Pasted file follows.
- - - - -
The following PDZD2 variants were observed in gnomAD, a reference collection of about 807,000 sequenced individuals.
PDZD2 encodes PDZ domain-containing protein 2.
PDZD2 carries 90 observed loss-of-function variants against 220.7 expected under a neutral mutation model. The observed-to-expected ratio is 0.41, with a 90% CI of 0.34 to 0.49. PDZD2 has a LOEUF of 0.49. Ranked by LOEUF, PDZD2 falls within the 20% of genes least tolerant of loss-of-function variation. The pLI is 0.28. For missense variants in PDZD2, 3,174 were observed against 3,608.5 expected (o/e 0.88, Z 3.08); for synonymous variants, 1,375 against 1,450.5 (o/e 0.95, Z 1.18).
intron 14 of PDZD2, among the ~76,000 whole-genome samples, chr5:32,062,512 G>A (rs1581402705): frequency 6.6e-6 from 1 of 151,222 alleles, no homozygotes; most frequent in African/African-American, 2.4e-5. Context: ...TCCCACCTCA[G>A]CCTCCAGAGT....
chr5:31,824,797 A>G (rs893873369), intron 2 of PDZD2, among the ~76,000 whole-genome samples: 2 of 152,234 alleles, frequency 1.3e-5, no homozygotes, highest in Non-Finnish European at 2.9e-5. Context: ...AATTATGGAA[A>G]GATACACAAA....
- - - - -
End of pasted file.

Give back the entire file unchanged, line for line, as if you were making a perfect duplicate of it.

The following PDZD2 variants were observed in gnomAD, a reference collection of about 807,000 sequenced individuals.
PDZD2 encodes PDZ domain-containing protein 2.
PDZD2 carries 90 observed loss-of-function variants against 220.7 expected under a neutral mutation model. The observed-to-expected ratio is 0.41, with a 90% CI of 0.34 to 0.49. PDZD2 has a LOEUF of 0.49. Ranked by LOEUF, PDZD2 falls within the 20% of genes least tolerant of loss-of-function variation. The pLI is 0.28. For missense variants in PDZD2, 3,174 were observed against 3,608.5 expected (o/e 0.88, Z 3.08); for synonymous variants, 1,375 against 1,450.5 (o/e 0.95, Z 1.18).
intron 14 of PDZD2, among the ~76,000 whole-genome samples, chr5:32,062,512 G>A (rs1581402705): frequency 6.6e-6 from 1 of 151,222 alleles, no homozygotes; most frequent in African/African-American, 2.4e-5. Context: ...TCCCACCTCA[G>A]CCTCCAGAGT....
chr5:31,824,797 A>G (rs893873369), intron 2 of PDZD2, among the ~76,000 whole-genome samples: 2 of 152,234 alleles, frequency 1.3e-5, no homozygotes, highest in Non-Finnish European at 2.9e-5. Context: ...AATTATGGAA[A>G]GATACACAAA....